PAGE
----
How States Can Use Line Extension Programs to Expand High-Speed Internet Access

Pew outlines strategies to connect users to service

Extension Programs to Expand High-Speed Internet Access

The Pew Charitable Trusts on Nov. 4, 2021, sent a memo to state broadband offices that are participating in its technical assistance program, the broadband education and training initiative, that discussed how states can use line extension programs to subsidize “curb-to-home” connections—the final segments of infrastructure needed to connect each individual home or business to a broadband network. The memo looks at how three states have implemented programs to address last mile expansion, including the rules and procedures they employ to award funds to households, property owners, or internet service providers.

The full text of the memo is below.


To: State broadband offices
From: Jake Varn, The Pew Charitable Trusts
Date: Nov. 4, 2021

Subject: State broadband programs—line extensions

The following memo contains information on state broadband line extension programs, including emerging examples from California, Indiana, and Vermont, and similar proposed examples, as of October 2021.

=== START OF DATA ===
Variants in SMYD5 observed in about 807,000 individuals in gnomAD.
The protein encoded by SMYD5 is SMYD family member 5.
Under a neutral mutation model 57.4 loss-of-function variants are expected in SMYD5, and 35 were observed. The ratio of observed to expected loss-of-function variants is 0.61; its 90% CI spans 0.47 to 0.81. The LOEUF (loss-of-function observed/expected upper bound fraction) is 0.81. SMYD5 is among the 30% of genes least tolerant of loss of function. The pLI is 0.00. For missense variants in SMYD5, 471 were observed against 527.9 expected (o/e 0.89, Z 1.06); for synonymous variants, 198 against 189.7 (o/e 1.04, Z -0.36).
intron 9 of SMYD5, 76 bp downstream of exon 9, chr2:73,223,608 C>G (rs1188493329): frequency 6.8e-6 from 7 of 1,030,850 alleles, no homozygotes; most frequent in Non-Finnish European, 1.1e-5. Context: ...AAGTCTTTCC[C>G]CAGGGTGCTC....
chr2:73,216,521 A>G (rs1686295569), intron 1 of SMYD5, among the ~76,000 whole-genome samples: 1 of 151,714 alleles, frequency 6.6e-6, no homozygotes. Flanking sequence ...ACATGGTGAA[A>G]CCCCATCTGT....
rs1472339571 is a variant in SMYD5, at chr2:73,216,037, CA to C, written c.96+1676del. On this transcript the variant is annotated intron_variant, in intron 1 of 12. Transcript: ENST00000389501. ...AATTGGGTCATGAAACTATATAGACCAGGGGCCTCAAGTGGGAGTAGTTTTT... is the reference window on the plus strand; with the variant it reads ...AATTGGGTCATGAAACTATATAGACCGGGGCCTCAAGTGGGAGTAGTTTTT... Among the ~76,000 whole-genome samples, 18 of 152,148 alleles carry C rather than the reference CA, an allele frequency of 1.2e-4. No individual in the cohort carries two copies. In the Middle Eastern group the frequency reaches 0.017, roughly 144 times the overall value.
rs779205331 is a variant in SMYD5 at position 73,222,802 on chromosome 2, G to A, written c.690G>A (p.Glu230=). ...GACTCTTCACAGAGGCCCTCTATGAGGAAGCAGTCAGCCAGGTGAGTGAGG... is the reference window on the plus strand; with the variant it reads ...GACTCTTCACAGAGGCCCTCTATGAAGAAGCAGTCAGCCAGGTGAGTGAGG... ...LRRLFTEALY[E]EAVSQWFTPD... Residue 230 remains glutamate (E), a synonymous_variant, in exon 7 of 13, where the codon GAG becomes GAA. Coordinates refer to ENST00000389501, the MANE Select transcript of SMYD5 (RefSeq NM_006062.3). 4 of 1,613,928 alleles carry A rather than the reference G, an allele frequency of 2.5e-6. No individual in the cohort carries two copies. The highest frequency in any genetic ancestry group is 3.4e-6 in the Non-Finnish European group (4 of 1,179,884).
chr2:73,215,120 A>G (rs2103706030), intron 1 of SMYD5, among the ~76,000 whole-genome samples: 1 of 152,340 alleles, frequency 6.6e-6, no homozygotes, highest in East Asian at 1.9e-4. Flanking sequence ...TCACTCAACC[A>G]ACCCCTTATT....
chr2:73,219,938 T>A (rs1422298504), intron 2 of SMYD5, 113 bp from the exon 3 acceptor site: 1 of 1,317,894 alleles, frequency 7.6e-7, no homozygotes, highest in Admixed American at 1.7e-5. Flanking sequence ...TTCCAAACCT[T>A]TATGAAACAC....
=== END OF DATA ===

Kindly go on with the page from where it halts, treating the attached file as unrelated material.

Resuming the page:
Summary points

  • The cost of connecting an individual household or business to a network can be prohibitively expensive to achieve broadband access despite being located in a served area, as a significant portion of these costs typically falls to the property owner.
  • State programs can support this final stretch of deployment by subsidizing these individual connections to existing infrastructure through line extension programs.
  • State approaches to line extension programs have provided funds in the form of grants either directly to households and property owners (e.g., California and Vermont) or to the providers, following individual submissions (e.g., Indiana).

State examples